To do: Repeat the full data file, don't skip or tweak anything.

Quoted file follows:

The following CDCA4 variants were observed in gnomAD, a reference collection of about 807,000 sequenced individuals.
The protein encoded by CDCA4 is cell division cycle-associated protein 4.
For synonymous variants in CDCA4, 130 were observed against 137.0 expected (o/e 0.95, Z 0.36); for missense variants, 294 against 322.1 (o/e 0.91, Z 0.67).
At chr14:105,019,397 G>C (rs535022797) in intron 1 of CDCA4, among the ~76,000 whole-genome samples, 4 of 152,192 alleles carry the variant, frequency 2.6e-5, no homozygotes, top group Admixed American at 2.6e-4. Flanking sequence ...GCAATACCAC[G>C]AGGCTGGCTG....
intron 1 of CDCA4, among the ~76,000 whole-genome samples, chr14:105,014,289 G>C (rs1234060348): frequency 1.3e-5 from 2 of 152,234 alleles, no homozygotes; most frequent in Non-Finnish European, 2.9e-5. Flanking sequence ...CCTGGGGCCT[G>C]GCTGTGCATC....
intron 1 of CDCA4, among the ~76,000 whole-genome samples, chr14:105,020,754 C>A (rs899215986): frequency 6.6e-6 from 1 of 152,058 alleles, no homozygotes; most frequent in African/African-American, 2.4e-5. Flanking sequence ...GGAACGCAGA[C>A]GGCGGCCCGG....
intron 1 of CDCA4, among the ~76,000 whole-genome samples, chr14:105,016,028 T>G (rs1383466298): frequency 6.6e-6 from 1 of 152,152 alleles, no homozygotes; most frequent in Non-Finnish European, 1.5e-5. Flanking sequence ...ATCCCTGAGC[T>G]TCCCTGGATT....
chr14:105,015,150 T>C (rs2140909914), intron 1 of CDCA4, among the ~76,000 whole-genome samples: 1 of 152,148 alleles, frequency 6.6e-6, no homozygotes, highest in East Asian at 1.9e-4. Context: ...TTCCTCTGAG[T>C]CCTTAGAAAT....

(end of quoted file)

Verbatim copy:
The following CDCA4 variants were observed in gnomAD, a reference collection of about 807,000 sequenced individuals.
The protein encoded by CDCA4 is cell division cycle-associated protein 4.
For synonymous variants in CDCA4, 130 were observed against 137.0 expected (o/e 0.95, Z 0.36); for missense variants, 294 against 322.1 (o/e 0.91, Z 0.67).
At chr14:105,019,397 G>C (rs535022797) in intron 1 of CDCA4, among the ~76,000 whole-genome samples, 4 of 152,192 alleles carry the variant, frequency 2.6e-5, no homozygotes, top group Admixed American at 2.6e-4. Flanking sequence ...GCAATACCAC[G>C]AGGCTGGCTG....
intron 1 of CDCA4, among the ~76,000 whole-genome samples, chr14:105,014,289 G>C (rs1234060348): frequency 1.3e-5 from 2 of 152,234 alleles, no homozygotes; most frequent in Non-Finnish European, 2.9e-5. Flanking sequence ...CCTGGGGCCT[G>C]GCTGTGCATC....
intron 1 of CDCA4, among the ~76,000 whole-genome samples, chr14:105,020,754 C>A (rs899215986): frequency 6.6e-6 from 1 of 152,058 alleles, no homozygotes; most frequent in African/African-American, 2.4e-5. Flanking sequence ...GGAACGCAGA[C>A]GGCGGCCCGG....
intron 1 of CDCA4, among the ~76,000 whole-genome samples, chr14:105,016,028 T>G (rs1383466298): frequency 6.6e-6 from 1 of 152,152 alleles, no homozygotes; most frequent in Non-Finnish European, 1.5e-5. Flanking sequence ...ATCCCTGAGC[T>G]TCCCTGGATT....
chr14:105,015,150 T>C (rs2140909914), intron 1 of CDCA4, among the ~76,000 whole-genome samples: 1 of 152,148 alleles, frequency 6.6e-6, no homozygotes, highest in East Asian at 1.9e-4. Context: ...TTCCTCTGAG[T>C]CCTTAGAAAT....